The sounds of squealing could be heard over the low hum of the air recirculation machinery in the drab, windowless federal interview room.  “Please!” Sam Antar wimpered. “Let me write one more smear. Let me feel like I’m a player, one last time!”
The federal agent spoke sharply: “Silence!”  She turned to look at her colleagues with bemusement.  “Jesus, what is it with these finance gerbils? I haven’t seen someone break this pitifully since that bookkeeper in Reno. ” She set aside her Nutcracker Flail, took a long pull on her Gaulioses, and said, “OK, let’s give Sam the night off. We’ll get him cleaned up for the judge in the morning.”
With that, Sam Antar, still restrained in straightjacket, was hauled back to the Shower Room, where he spent the night toe-writing in excrement on the linoleum.
Which would be altogether unremarkable, were it not for the fact that within hours, a Bloomberg reporter named Clyde Eltzrothis called, asking me to comment on it.

Patrick Byrne went on to accuse the California District Attorneys of not acting in good faith:

It is not our job to host DA’s on a no-limits fishing trip, especially when they have not acted in good faith in the past.

On May 18, 2011, Judge Robert B. Freeman granted the California District Attorney’s motion to compel Overstock.com to turn over the contact information of certain former employees. He rejected Byrne's argument.

Good faith?

Responsible companies that act in "good faith" fix their accounting errors and move on. They don't retaliate against whistleblowers who point out misstatements in financial reports. Patrick Byrne doesn't seem to be upset that Overstock.com violated accounting rules and had to restate its financial reports. Apparently, he's upset because his company's accounting irregularities were exposed. Byrne's disgusting prison fantasy involving me demonstrates his obsession to get back at me for pointing out his company's shenanigans. Byrne and his crew will make up anything and resort to any smear tactic in their attempts to punish me for uncovering their wrongdoing. But the fact remains that I uncovered violations of accounting rules which helped Overstock.com overstate its financial performance and the company made revisions in its financial reporting to correct those violations.

Final comments

Last year, the Dodd-Frank Act was signed into law and the SEC issued final regulations about whistleblower protections. On May 25, 2011, SEC Chairman Mary Schapiro said in a speech that, “… the final rules make clear that the statute’s whistleblower protections apply to anyone who provides us information, even if that information relates to a possible securities law violation, and regardless of whether it leads to a successful enforcement action.”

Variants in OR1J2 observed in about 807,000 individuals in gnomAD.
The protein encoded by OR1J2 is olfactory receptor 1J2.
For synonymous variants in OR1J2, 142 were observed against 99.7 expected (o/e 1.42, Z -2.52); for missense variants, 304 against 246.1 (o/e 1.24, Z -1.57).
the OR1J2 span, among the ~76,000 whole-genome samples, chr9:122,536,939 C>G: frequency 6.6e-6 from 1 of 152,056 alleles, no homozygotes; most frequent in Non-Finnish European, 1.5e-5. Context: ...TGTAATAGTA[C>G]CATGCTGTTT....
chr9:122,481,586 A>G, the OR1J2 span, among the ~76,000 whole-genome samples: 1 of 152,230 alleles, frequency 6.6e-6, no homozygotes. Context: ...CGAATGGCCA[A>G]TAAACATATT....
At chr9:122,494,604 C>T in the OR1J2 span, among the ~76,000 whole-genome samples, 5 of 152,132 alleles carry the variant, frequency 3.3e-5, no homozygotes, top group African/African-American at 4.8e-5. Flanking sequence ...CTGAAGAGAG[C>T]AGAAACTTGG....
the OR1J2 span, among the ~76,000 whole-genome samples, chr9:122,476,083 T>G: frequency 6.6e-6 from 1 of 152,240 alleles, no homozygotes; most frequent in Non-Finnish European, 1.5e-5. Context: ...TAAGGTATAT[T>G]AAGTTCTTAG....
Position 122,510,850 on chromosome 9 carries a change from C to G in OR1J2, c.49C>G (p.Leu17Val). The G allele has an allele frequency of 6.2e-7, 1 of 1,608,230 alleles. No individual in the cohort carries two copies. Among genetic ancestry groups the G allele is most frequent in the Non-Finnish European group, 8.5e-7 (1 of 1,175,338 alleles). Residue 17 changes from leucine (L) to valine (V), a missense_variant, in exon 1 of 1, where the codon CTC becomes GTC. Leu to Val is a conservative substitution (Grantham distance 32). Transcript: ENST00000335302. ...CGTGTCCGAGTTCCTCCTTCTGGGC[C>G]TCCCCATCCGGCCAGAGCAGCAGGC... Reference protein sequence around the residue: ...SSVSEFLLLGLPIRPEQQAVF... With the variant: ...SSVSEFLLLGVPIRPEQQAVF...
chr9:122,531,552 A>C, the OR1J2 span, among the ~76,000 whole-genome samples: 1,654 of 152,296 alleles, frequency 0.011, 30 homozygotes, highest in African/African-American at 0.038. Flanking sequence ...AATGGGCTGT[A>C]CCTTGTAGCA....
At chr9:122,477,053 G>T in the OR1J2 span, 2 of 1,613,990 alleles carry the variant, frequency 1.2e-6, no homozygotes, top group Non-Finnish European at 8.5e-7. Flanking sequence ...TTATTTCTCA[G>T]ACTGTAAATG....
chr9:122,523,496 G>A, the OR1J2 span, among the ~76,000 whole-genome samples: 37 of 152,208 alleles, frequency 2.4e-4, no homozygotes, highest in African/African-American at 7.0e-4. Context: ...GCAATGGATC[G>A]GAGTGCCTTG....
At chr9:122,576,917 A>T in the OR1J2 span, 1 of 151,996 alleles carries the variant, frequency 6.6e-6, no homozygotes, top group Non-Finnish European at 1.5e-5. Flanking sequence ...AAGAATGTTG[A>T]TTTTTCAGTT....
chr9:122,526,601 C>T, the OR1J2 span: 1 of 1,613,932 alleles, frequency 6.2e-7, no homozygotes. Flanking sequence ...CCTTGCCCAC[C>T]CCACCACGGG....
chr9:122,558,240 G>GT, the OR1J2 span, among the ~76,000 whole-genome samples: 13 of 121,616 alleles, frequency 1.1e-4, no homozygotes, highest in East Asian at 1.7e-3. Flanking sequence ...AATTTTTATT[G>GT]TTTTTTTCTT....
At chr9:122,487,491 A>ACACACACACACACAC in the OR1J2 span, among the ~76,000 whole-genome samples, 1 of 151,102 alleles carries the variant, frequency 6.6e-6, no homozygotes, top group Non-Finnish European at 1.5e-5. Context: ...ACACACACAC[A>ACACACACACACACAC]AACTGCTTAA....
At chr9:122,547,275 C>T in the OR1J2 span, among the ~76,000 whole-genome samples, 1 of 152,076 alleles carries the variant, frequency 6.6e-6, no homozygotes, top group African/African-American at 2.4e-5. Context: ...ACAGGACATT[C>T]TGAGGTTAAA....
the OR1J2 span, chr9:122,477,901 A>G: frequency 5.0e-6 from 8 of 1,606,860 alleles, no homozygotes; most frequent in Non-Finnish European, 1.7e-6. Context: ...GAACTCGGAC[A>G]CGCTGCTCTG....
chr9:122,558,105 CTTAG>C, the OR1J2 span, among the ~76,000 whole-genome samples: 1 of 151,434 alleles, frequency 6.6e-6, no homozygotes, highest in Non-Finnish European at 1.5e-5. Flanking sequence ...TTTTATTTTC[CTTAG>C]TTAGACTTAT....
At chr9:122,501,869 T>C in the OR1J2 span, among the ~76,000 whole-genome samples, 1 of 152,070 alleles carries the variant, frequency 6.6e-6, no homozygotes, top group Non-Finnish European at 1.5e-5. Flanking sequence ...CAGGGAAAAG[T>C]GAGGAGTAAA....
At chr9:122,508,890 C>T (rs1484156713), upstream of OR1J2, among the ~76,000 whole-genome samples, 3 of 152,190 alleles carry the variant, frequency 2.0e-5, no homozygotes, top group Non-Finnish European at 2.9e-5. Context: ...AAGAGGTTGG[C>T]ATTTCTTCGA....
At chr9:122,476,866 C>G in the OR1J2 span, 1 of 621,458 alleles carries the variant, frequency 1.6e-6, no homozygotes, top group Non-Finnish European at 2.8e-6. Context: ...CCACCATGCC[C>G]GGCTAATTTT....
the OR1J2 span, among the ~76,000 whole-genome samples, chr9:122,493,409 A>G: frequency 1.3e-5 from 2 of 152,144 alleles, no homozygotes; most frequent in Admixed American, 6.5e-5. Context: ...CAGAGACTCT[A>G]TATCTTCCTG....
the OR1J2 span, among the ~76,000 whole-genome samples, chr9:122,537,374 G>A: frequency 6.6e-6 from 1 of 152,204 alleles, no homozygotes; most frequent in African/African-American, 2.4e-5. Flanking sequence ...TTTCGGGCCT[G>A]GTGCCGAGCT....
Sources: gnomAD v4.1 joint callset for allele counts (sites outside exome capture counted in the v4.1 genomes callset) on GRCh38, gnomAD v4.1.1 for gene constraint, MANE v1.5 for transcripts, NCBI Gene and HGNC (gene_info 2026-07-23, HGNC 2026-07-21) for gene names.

Here, the SEC has a whistleblower that correctly identified accounting violations which caused a public company to restate its financial reports. The SEC has clear evidence of blatant retaliation by the issuer against that whistleblower. The freedom to criticize accounting practices without fear of reprisal from public companies is essential to our democracy and the integrity of our capital markets. It’s time for the SEC to put its money where its mouth is. The ball is in their court!

Written by,

Sam E. Antar


I am a convicted felon and a former CPA. As the criminal CFO of Crazy Eddie, I helped my cousin Eddie Antar and other members of his family mastermind one of the largest securities frauds uncovered during the 1980's. I committed my crimes in cold-blood for fun and profit, and simply because I could.

If it weren't for the heroic efforts of the FBI, SEC, Postal Inspector's Office, US Attorney's Office, and class action plaintiff's lawyers who investigated, prosecuted, and sued me, I would still be the criminal CFO of Crazy Eddie today.

There is a saying, "It takes one to know one." Today, I work very closely with the FBI, IRS, SEC, Justice Department, and other federal and state law enforcement agencies in training them to identify and catch white-collar criminals. Often, I refer cases to them as an independent whistleblower. In addition, I teach about white-collar crime for government entities, professional organizations, businesses, and colleges and universities.

I do not seek or want forgiveness for my vicious crimes from my victims. I plan on frying in hell with other white-collar criminals for a very long time. My past sins are unforgivable.

I do not own any Overstock.com securities long or short.